Deal over NFL con­cus­sions could cost US$1 bil.

The China Post - - FRONT PAGE - BY MARYCLAIRE DALE

A fed­eral judge has ap­proved a set­tle­ment agree­ment that is ex­pected to cost the NFL US$1 bil­lion over 65 years to re­solve thou­sands of con­cus­sion law­suits.

NFL ac­tu­ar­ies project about 6,000 of the league’s nearly 20,000 re­tired play­ers could some­day de­velop Alzheimer’s dis­ease or mod­er­ate de­men­tia over the life of the deal ap­proved Wed­nes­day by a fed­eral judge in Philadel­phia. The av­er­age in­di­vid­ual award would be about US$190,000.

Awards could reach US$1 mil­lion to US$5 mil­lion for those di­ag­nosed in their 30s and 40s with Parkin­son’s dis­ease or Lou Gehrig’s dis­ease, or for deaths in­volv­ing chronic brain trauma.

The benefits process could start this sum­mer, but any ap­peal would de­lay all pay­ments in­def­i­nitely.

“What mat­ters now is time, and many re­tired play­ers do not have much left,” said plain­tiff Kevin Turner, a for­mer New Eng­land Pa­tri­ots and Philadel­phia Ea­gles run­ning back who has Lou Gehrig’s dis­ease.

The league has been dogged for years by com­plaints that it long hid the risks of re­peated con­cus­sions to re­turn play­ers to the field.

Se­nior U.S. Dis­trict Judge Anita B. Brody ap­proved the set­tle­ment af­ter twice send­ing it back to lawyers over con­cerns the fund might run out. The ne­go­tia­tors did not in­crease the orig­i­nal US$765 mil­lion plan, but agreed to re­move that num­ber as the cap.

The set­tle­ment ap­proval, a week be­fore the NFL draft, ends a nearly four-year legal fight. Crit­ics con­tend the NFL is get­ting off lightly given an­nual rev­enues of about US$10 bil­lion.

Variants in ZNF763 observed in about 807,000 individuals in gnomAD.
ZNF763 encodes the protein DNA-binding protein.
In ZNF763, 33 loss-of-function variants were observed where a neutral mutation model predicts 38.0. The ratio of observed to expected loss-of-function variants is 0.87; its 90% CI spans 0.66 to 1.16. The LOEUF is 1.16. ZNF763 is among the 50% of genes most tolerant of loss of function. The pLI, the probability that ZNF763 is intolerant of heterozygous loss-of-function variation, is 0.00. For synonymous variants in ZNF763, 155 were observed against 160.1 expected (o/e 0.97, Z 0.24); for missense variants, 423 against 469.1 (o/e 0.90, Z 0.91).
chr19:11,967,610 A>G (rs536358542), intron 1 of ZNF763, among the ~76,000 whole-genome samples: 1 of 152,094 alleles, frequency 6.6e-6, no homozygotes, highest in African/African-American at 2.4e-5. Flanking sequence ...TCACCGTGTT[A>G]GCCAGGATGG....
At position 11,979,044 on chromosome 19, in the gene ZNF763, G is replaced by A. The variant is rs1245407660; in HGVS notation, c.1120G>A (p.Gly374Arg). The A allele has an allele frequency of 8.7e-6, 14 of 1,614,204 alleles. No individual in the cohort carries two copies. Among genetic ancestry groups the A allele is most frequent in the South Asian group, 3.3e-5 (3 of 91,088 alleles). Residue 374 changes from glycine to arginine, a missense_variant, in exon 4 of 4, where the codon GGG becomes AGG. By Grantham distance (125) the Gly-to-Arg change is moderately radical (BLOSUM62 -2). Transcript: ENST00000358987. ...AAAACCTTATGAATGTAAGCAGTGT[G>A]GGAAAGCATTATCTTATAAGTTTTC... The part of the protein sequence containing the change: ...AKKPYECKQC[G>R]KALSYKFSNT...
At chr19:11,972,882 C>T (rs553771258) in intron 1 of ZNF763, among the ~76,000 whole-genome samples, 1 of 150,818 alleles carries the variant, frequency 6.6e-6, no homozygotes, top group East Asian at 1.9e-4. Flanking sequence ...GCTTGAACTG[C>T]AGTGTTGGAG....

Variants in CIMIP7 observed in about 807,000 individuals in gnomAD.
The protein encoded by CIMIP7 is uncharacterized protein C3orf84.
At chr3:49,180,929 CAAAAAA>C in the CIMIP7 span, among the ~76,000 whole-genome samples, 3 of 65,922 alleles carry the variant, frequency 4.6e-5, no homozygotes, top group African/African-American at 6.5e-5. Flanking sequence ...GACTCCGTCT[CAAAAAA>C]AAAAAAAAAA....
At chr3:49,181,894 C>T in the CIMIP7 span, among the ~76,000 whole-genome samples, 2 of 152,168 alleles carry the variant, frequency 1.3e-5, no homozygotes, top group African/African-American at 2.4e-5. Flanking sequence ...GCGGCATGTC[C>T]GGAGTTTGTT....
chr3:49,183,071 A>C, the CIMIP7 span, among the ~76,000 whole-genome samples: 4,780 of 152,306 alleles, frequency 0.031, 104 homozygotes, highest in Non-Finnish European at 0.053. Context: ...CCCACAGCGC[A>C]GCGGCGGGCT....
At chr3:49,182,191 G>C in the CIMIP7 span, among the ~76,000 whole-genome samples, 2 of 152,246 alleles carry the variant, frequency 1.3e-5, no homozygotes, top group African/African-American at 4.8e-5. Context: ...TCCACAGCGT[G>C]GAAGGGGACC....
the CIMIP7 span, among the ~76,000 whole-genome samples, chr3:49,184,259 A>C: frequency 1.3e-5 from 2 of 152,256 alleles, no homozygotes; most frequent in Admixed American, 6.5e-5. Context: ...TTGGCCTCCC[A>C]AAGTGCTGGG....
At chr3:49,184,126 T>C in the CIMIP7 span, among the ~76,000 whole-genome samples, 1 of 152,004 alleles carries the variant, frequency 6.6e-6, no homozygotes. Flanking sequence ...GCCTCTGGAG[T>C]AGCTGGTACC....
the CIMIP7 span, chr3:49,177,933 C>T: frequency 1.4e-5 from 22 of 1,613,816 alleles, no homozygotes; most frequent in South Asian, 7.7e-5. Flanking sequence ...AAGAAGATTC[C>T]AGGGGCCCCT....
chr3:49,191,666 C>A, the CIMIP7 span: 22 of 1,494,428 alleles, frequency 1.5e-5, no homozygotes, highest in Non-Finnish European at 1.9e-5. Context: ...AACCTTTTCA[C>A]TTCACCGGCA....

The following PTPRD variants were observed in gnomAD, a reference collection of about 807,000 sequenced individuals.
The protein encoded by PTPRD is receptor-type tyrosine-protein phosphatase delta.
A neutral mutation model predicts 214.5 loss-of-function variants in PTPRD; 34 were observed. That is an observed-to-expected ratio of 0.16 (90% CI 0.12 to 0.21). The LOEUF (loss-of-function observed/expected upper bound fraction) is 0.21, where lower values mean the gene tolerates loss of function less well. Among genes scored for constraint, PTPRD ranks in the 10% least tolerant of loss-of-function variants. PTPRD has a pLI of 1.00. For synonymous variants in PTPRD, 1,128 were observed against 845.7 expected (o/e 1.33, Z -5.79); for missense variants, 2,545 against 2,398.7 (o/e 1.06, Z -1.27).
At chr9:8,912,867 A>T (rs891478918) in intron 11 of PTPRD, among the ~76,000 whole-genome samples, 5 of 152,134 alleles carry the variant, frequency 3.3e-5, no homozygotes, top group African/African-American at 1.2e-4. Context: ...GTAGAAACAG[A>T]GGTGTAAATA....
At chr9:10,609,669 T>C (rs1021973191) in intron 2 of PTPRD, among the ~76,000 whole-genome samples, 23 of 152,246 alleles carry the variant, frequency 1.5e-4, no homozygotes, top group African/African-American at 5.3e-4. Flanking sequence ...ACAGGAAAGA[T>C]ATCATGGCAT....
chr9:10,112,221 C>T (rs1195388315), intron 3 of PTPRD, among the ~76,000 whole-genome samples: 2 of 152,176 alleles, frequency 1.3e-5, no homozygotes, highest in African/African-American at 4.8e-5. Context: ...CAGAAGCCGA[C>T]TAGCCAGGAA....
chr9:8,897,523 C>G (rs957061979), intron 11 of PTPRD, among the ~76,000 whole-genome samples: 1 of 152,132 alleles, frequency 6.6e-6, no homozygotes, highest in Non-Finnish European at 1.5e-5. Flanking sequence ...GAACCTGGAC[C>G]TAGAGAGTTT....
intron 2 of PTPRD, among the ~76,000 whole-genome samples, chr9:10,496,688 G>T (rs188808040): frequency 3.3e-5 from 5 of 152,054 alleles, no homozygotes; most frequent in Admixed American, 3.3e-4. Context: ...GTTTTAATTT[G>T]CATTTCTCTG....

But a trial could have de­layed the fi­nan­cial awards and med­i­cal testing for years, plain­tiff’s lawyers Christo­pher Seeger and Sol Weiss said.

“With over 99 per­cent par­tic­i­pa­tion, it is clear the re­tired player com­mu­nity over­whelm­ingly sup­ports this agree­ment,” the lawyers said in a con­fer­ence call.

The deal means the NFL may never have to dis­close what it knew when about the risks and treat- ment of con­cus­sions. How­ever, the NFL has ac­knowl­edged the con­cus­sion epi­demic pub­licly, chang­ing pro­to­cols for eval­u­at­ing in­jured play­ers dur­ing games and launch­ing an ad­ver­tis­ing and so­cial me­dia cam­paign to pro­mote safe play at all lev­els of foot­ball.

NFL gen­eral coun­sel Jeff Pash said that Brody’s ap­proval “pow­er­fully un­der­scores the fair­ness and pro­pri­ety” of the set­tle­ment.

In her 132-page opin­ion, Brody agreed with the lead ne­go­tia­tors that the set­tle­ment could ex­clude fu­ture claims in­volv­ing chronic trau­matic en­cephalopa­thy, even as crit­ics like neu­rol­o­gist Robert Stern of Bos­ton Uni­ver­sity call CTE “the industrial dis­ease of foot­ball.” Brody said nei­ther the dis­ease nor any de­fin­i­tive symptoms can yet be di­ag­nosed in the living.

“The set­tle­ment does com­pen­sate the cog­ni­tive symptoms al­legedly as­so­ci­ated with CTE,” Brody wrote, and “re­quires the par­ties to con­fer in good faith about pos­si­ble re­vi­sions ... based on sci­en­tific de­vel­op­ments.”

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